Today in History:

624 Series I Volume XXIX-I Serial 48 - Bristoe, Mine Run Part I

Page 624 OPERATIONS IN N. C., VA., W. VA., MD., AND PA. Chapter XLI.

rest having been captured, killed, wounded, or lost in the darkness, and he was completely surrounded by the enemy, who were, in fact, mixed up with his men, some one cried out that Colonel Godwin's order was for them to surrender, and he immediately called for the man who made the declaration, and threatened to blow his brains out if he could find him, declaring his purpose to fight to the last moment, and calling upon his men to stand by him. He was literally overpowered by mere force of numbers and was taken with his arms in his hands.

These facts I learned from Captain Adams, assistant adjutant-general of Hoke's brigade, who managed to make his escape, after having been captured, by slipping away from the enemy and swimming the river almost naked. They are in accordance with the character of Colonel Godwin, and the fate of this gallant officer (a prisoner in the hands of a barbarous enemy) is most deeply to be deplored, and I most respectfully, through the commanding general, call the attention of the Government to his case, and ask that if any special exchanges are made he may be embraced among them.

The Fight and Seventh Louisiana Regiments shared the fate of the three regiments of Hoke's brigade which were under Godwin. Some of all the regiments, taking advantage of the darkness and confusion, managed to escape after they were overpowered, but I call attention to the fact that there was no flight, no giving back of my men from the trenches upon the approach of the enemy, but they maintained their position until overpowered by numbers and mere brute force. This fact was fully shown by the circumstance that there was no rush upon the bridge and no crowd of fugitives to be seen anywhere, but the men who did escape did it quietly, taking advantage of such opportunities as were afforded.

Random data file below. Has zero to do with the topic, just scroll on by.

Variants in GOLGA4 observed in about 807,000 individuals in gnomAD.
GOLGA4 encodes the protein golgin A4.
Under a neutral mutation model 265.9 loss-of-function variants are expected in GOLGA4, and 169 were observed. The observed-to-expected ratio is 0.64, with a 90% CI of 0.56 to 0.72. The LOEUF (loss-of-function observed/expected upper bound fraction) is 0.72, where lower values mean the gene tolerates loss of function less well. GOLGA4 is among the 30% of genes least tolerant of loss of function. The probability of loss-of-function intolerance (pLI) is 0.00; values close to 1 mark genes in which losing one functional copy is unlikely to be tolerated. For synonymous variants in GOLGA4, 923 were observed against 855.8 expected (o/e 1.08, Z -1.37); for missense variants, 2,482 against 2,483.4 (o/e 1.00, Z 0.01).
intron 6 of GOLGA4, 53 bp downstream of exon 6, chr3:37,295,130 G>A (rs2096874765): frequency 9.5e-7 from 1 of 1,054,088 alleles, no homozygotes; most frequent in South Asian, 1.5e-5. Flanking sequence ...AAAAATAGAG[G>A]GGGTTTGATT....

After I was made aware of the disaster, and Pegram's and Gordon's brigades came up, steps were taken to guard the river and prevent a crossing by the enemy. A regiment was immediately sent to the south end of the bridge, and Pegram's brigade thrown in its rear, with orders to defend the passage at all hazards. After waiting for some time to give such of our men as might be able to do so an opportunity to slip over the bridge, and after it was ascertained definitely that Hoke's brigade and the Fifth and Seventh Louisiana Regiments were overpowered, and that the enemy had a guard immediately at the northern end of the bridge, it was fired at the south end by my order, and before we moved back it had burned so far as to prevent all crossing. After sending back Dance's and Graham's batteries in accordance with orders, i moved back at 3 o'clock next morning to the vicinity of my camp.

My loss in this affair was as follows:

Casualties. Killed. Wounded. Missing.

Officers.. ... 3 117

Enlisted men.. 5 32 1,473

Total.. 5 35 1,590

Grand total.. ... ... 1,630

Those reported killed are those who were certainly known to be killed, and the wounded are those who were brought off; some of

Page 624 OPERATIONS IN N. C., VA., W. VA., MD., AND PA. Chapter XLI.